I still think that a lot of woes could be fixed if Tulo found his stroke. There are glimpses, and he's definitely not in the Mendoza climes that he usually is right now, but he's clearly not clicking yet. Once he is, we can justifiably expect that the good times will follow. It's definitely a novel feeling not to be five or ten games under .500, but as I discovered with my poll last week, a substantial majority of us aren't pleased with the play of the team right now. Of course, that could have changed after a week that saw the team eek out a win in a game started by Roy Halladay, and sweep a doubleheader for the first time since, you guessed it, 2007 (Rockies/Dodgers, September 18, anyone remember a certain home run by Todd Helton?) but consistency has consistently bedeviled the Rockies this year (funny how that works) and I for one will be waiting for a sustained upgrade in the level of play before I start pronouncing them fixed. They have another potential landmine of a road trip coming up -- two against the Cubs, two against the Astros, and three against the Royals. (Dear God, schedule makers, why must we play the Royals every damn year? Why? WHY? Is it really that much of a draw?)
The Rockies have notoriously struggled in Houston, and their hijinks against the Royals are the stuff of painful-loss legend, so winning four or five of the seven would be terrific. Then they begin a string of eleven straight divisional games, facing everyone except the Padres, which will also prove instructive in assessing where they are as the season moves on into June (what? It's almost June? Seriously?) If the guys are waiting around for a winning streak, may I humbly suggest that the moment is at hand. With the rotation returning from injury and Huston Street, God willing, only a few weeks away (although his rehab has been pushed back by a groin strain) there's definitely opportunity. Taylor Buchholz has also reportedly looked fantastic in his rehab outings, and if he's anywhere near 2008 form, that would be the equivalent of picking up an arm in a trade, without the annoying part of having to give a guy up. The Rockies always have a habit of getting better as the weather gets warmer, and ideally they'll continue the trend this year. But there aren't going to be any pansies in the division apart from Arizona, and they always play us tough. The Giants are a couple bats away from being the favorites, LA has put together a nice winning streak, and who knows how long the Pads will keep playing the role of the Indians in Major League. This is far from discounting our own chances, of course; once the offense gets rolling and guys other than Ubaldo turn in quality starts on a regular basis, the Purple Machine could be off to the races. It is, however, to remind us all that our competition isn't going to magically fall over the same way we magically start winning everything, however nice both outcomes would be.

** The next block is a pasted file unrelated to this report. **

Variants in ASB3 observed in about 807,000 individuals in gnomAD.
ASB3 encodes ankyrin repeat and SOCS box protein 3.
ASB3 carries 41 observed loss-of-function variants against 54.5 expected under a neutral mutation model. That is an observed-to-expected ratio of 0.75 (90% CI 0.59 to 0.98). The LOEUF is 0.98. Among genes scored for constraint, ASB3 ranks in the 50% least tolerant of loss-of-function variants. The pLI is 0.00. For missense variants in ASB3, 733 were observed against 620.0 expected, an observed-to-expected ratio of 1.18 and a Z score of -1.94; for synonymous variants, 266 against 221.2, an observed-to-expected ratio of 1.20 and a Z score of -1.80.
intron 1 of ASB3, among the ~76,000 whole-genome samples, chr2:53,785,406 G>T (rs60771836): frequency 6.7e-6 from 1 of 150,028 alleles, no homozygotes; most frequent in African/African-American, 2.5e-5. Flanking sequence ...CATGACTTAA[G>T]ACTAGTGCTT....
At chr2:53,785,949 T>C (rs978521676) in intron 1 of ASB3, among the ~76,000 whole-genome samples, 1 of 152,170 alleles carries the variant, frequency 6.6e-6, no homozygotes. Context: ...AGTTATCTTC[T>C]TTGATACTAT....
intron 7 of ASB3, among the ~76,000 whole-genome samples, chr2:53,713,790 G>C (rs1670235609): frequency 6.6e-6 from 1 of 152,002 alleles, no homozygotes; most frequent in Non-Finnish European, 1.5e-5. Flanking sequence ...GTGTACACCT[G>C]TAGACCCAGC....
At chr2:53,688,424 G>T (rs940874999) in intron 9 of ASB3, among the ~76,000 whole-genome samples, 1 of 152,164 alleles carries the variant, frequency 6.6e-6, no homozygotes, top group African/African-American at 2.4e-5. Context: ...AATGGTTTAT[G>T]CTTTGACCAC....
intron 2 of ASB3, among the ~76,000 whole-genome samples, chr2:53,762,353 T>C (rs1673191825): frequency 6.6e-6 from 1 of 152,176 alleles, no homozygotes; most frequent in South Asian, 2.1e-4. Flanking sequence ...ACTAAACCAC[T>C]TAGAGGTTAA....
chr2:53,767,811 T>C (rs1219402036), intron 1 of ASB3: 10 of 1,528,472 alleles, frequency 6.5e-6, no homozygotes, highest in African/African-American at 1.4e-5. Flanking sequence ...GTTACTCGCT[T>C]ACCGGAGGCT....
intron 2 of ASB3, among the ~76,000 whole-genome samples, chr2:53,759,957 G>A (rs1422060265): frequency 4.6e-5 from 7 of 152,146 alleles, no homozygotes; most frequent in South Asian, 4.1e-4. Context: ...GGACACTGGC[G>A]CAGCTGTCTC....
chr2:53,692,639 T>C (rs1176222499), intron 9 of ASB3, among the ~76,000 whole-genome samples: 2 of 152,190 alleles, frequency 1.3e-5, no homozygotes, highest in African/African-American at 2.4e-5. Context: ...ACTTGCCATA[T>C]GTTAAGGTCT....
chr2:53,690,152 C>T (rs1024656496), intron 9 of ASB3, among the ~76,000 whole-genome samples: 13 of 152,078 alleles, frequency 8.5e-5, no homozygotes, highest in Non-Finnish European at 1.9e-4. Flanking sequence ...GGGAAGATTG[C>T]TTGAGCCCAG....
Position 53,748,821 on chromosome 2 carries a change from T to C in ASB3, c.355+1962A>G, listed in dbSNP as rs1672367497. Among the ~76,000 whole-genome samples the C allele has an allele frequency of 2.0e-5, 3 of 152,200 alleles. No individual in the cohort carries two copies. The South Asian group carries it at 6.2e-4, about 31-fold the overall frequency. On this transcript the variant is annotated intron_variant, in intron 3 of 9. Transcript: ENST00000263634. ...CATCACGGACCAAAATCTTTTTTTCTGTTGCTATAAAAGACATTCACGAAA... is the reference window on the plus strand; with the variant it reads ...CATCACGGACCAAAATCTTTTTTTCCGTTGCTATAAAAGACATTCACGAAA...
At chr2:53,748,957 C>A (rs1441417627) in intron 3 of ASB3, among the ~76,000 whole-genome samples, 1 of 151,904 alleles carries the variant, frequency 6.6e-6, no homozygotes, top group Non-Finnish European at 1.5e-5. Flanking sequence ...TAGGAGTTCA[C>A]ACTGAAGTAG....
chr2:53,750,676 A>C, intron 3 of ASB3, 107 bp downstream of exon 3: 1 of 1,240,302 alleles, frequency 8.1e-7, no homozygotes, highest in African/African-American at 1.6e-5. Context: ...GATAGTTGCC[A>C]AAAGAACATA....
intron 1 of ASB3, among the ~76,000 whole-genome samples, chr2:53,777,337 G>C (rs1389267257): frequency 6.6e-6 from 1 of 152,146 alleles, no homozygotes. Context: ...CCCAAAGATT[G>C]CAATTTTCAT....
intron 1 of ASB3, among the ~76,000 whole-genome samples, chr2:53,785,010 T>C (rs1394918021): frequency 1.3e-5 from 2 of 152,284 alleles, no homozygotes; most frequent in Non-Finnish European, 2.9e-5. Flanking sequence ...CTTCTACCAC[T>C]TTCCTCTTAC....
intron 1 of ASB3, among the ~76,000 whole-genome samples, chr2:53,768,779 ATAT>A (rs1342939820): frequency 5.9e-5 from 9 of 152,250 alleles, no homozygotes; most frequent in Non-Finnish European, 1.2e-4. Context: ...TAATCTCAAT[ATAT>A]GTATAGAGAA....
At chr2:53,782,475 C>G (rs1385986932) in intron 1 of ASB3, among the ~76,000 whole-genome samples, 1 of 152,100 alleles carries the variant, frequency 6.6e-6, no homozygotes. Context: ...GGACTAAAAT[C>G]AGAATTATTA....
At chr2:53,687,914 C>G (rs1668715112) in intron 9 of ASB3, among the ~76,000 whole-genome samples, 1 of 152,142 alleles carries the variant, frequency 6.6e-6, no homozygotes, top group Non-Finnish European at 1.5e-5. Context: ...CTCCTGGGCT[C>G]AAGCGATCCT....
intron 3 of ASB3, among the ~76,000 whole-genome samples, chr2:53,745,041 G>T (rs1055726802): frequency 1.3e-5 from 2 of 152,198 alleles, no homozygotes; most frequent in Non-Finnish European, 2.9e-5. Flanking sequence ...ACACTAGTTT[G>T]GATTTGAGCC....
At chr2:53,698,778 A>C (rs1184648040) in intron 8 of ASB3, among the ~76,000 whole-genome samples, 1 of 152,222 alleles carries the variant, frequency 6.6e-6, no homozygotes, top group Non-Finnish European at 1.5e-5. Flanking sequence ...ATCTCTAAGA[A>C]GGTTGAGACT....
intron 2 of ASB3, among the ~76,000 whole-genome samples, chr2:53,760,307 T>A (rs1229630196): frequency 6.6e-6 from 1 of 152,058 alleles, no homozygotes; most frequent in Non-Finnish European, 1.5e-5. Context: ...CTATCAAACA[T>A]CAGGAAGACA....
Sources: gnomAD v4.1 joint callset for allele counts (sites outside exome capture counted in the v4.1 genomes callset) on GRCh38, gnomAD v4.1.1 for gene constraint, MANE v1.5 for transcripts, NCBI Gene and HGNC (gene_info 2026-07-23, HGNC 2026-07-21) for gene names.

And now for the important announcement: After tonight, Rockies Review, and possibly myself, are both going to be on indefinite hiatus. I don't know yet what my living situation in Asheville is going to be, although I have a couple decent leads, and whether or not Internet will be included, if I'll be able to afford it right away, etc etc. Plus, I have a crapload of stuff to get in order for my new life, will be working at least 50 or 60 hours a week at a couple of jobs, and won't have time or opportunity to watch Rockies game or post on Purple Row very much. I graduate from college this coming Friday, May 21, and will be flying down to Asheville on Saturday the 22nd. After that, your guess is good as mine as to when I will see y'all again. Once the craziness has settled down and I'm in a routine, and/or have made enough to afford Internet and/or have enough time to veg out and do nothing, I'll be back. But this will be your last Rockies Review for a while. I hope you guys have fun, although I am very sure you will.
Eat your vegetables, do your homework, and don't get fat.